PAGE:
Menopause is part of a broader landscape of health and well-being issues surrounding older employees. The health and well-being of older workers is recognised as fundamental to motivated and quality participation in the workforce (Verikios, 2013). In a recent report commissioned by the Diversity Council Australia (DCA) and the Australian Human Rights Commission (AHRC) entitled Older Women Matter: Harnessing the Talents of Australia’s Older Female Workforce, the authors call for attention to be paid to the specific experiences of older women in employment. This makes a case for and provides an organisational framework that proposes to increase workforce contributions and improve working conditions for older women (aged 45+).
Organisations are increasingly showing concern for the health and well-being of employees, with many allocating large budgets for programmes to encourage longevity and retention at work. However, specific and comprehensive knowledge that can guide employers on how best to support the menopausal experience is lacking (Payne & Doyal, 2010). Additionally, it has been noted that Human Resources Managers are underprepared, even unskilled, in supporting mature women (Armstrong-Sassen, 2008). Women, Work and the Menopause introduces findings to enable the development of relevant advice and support for organisational and policy stakeholders in the Australian context.
Menopausal transition is an important aspect in considering older women’s occupational health, but is typically a silent issue in organisational contexts – part of a broader cultural suppression of women’s embodied experiences (Ussher, 2006). Research shows a need to understand in greater depth how working women actually experience and negotiate menopause as a distinctive bodily transition (Everingham et al., 2007). This may form part of a broader horizon of ‘gendered ageism’ in workplaces where cultural stereotypes surrounding older women either render them invisible within organisations, or hyper-visible and problematic as ‘cranky old women’ (Irni, 2009).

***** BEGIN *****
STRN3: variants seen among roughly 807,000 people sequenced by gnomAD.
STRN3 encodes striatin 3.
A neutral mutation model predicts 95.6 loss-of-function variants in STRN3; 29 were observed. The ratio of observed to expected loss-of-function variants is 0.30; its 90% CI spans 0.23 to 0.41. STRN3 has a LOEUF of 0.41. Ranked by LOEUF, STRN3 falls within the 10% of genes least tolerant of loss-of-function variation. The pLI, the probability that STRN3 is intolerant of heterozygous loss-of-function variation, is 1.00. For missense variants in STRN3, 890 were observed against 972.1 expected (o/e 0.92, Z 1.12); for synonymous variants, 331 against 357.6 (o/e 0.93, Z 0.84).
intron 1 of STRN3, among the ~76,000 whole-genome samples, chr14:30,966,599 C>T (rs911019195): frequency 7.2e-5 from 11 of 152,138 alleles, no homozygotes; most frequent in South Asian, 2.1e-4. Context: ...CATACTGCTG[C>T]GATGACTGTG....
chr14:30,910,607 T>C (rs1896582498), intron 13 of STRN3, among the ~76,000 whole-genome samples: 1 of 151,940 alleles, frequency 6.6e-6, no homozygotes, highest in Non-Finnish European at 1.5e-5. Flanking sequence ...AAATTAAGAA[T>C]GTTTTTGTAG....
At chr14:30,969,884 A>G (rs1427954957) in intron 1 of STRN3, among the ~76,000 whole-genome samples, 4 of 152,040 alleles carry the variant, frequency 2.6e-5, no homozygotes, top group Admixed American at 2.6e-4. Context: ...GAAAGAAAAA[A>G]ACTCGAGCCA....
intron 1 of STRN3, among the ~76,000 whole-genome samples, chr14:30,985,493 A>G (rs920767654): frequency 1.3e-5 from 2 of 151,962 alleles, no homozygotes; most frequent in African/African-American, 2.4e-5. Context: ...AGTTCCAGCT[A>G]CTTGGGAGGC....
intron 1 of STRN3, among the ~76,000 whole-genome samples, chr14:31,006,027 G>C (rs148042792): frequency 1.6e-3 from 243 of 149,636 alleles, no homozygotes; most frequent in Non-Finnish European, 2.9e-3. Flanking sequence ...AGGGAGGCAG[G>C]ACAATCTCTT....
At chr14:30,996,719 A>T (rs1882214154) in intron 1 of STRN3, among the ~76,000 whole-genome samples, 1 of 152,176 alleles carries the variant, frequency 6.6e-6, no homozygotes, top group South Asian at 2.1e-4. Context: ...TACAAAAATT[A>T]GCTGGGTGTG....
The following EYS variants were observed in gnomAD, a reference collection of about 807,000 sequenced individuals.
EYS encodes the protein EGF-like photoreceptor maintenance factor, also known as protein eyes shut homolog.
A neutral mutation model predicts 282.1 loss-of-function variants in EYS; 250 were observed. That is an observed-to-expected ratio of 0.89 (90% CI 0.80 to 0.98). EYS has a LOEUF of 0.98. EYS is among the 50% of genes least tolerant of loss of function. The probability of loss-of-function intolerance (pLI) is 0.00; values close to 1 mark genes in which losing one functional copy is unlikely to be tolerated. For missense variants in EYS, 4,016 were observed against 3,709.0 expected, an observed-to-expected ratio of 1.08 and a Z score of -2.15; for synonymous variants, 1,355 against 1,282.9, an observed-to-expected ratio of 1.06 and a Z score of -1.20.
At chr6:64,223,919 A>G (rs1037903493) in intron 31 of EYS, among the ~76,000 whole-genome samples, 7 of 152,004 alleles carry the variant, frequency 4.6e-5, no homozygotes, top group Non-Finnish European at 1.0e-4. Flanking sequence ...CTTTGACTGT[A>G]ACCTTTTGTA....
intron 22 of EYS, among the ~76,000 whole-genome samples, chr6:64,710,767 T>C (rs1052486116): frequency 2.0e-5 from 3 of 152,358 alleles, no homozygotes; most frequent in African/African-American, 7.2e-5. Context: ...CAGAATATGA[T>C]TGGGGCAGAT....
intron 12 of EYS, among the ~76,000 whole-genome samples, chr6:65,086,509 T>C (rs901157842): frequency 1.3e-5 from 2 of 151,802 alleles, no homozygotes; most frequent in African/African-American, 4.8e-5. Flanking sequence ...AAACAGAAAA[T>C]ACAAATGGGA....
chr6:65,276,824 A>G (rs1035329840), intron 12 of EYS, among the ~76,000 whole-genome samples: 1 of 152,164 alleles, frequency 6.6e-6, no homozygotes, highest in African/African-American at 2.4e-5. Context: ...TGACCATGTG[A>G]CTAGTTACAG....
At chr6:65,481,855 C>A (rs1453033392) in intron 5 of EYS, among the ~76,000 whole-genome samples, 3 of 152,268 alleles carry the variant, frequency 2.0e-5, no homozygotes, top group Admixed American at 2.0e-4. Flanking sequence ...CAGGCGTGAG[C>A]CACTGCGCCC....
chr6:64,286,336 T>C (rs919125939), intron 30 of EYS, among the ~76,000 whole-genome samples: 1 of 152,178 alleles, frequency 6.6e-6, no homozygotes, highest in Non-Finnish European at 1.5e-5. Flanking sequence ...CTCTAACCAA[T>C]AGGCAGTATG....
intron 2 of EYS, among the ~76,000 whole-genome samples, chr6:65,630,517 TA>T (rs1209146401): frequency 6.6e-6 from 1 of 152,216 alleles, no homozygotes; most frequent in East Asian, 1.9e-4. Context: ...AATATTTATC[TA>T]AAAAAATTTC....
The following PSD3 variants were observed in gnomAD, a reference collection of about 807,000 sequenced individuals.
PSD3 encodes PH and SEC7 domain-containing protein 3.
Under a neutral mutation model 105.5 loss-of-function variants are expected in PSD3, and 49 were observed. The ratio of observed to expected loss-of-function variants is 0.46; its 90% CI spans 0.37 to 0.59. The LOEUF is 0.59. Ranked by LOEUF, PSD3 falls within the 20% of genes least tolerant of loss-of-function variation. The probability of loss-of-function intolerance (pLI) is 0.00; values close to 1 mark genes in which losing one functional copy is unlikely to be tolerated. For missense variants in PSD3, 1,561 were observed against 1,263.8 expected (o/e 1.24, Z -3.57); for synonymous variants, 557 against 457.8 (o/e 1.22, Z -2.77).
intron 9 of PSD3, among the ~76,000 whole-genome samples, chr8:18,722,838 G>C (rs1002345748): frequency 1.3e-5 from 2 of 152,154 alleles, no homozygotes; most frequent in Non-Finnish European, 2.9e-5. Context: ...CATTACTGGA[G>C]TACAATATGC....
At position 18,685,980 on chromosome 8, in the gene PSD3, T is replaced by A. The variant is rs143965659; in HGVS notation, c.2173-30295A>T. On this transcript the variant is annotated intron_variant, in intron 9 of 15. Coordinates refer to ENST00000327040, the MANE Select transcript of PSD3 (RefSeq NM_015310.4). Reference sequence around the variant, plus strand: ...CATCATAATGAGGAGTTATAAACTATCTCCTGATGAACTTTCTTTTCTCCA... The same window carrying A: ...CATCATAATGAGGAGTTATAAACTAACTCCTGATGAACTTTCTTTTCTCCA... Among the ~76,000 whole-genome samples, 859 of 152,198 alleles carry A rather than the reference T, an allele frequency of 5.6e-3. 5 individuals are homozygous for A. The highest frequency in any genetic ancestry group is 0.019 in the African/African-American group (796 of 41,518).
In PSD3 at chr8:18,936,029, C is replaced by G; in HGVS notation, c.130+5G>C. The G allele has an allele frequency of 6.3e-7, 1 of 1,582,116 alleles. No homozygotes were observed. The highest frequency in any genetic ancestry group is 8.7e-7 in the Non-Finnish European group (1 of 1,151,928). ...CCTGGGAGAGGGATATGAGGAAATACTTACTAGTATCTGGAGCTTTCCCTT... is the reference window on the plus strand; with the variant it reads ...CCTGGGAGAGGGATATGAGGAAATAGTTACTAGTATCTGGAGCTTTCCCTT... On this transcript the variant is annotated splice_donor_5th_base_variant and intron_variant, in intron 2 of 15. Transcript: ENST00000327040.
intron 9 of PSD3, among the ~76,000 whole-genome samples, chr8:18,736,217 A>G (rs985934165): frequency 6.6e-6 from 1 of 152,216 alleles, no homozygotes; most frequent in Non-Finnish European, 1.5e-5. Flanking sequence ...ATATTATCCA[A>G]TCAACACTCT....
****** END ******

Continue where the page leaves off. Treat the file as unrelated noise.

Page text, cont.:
Despite the large and ever-increasing workforce contribution of older women, they are often subject to marginalisation or are overlooked at the organisational level (Colley, 2014; Duncan and Loretto, 2004). Employers are less likely to invest in their older female workers (e.g., through the provision of training) as there is often an expectation of imminent retirement that does not justify the investment (Encel, 2000). As a group, older workers are considered to be more expensive than younger workers (with higher compensation) and they are seen as less productive (Ghosheh et al., 2006). They are also considered to be vulnerable in light of perceived age-related declines in physical health (Payne & Doyal, 2010) and there is evidence to suggest that poor working conditions exacerbate these declines (Ilmarinen, 2005).
Very little research has been conducted around how work affects or is affected by menstrual status or the experience of menopausal symptoms. Research from the US and the UK suggests there may be a negative link between menopausal symptoms and labour participation (Griffiths et al., 2013; Sarrel, 2012). For example, Griffiths et al. (2013) reported that among a sample of peri- and post-menopausal women, 40% felt that their performance at work was affected due to menopause symptoms. The symptoms viewed as most problematic included: trouble concentrating, tiredness, poor memory, depression, low confidence and sleep disturbance. However there are methodological shortcomings in the few existing studies of menopause at work, notably the tendency to operationalise work through a single questionnaire item (Geuyes et al., 2012) and the predominant use of descriptive and bivariate statistical tests. Moreover, the purely numerical picture painted by such statistical reporting is limited in its capacity to offer more in-depth insights into the complexities and contradictions that may be characteristic of women’s experience of menopause in workplace settings. Women, Work and the Menopause aims to give space to women to talk about their experiences beyond the numbers, in their own words.